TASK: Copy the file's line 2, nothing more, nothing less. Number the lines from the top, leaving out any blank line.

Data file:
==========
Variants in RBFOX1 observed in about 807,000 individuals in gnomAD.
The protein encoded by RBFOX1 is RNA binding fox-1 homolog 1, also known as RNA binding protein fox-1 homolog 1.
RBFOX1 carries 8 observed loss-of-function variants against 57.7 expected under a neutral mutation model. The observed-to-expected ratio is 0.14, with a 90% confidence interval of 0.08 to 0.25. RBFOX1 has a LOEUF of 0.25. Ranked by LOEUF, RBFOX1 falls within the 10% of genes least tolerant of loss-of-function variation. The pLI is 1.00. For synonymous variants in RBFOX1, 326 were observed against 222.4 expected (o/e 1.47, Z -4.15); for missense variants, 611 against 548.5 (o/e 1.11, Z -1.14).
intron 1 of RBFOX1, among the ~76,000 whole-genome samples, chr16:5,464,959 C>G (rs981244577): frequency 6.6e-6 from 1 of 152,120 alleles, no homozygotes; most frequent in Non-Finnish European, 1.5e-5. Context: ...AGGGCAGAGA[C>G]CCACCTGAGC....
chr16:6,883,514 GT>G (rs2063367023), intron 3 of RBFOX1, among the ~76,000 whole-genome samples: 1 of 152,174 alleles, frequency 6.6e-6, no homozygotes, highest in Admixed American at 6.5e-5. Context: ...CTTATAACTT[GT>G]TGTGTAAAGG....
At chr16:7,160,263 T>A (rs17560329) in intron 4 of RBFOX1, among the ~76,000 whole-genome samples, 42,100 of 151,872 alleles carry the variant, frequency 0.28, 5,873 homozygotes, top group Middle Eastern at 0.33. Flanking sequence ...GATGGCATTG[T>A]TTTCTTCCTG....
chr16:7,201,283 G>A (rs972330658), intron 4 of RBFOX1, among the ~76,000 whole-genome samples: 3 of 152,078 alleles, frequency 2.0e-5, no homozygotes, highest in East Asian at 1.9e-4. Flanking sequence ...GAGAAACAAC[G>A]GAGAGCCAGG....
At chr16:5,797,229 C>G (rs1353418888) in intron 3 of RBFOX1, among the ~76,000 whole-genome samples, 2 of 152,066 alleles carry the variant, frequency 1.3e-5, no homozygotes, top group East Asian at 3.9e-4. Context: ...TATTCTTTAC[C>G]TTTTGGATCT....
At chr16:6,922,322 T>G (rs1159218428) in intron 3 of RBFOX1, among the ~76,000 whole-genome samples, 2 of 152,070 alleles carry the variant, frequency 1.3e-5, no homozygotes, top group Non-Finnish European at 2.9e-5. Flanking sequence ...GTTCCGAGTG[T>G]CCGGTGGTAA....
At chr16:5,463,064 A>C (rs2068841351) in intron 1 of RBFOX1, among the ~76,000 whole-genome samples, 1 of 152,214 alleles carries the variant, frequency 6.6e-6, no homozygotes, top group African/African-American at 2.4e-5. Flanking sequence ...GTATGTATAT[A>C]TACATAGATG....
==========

The protein encoded by RBFOX1 is RNA binding fox-1 homolog 1, also known as RNA binding protein fox-1 homolog 1.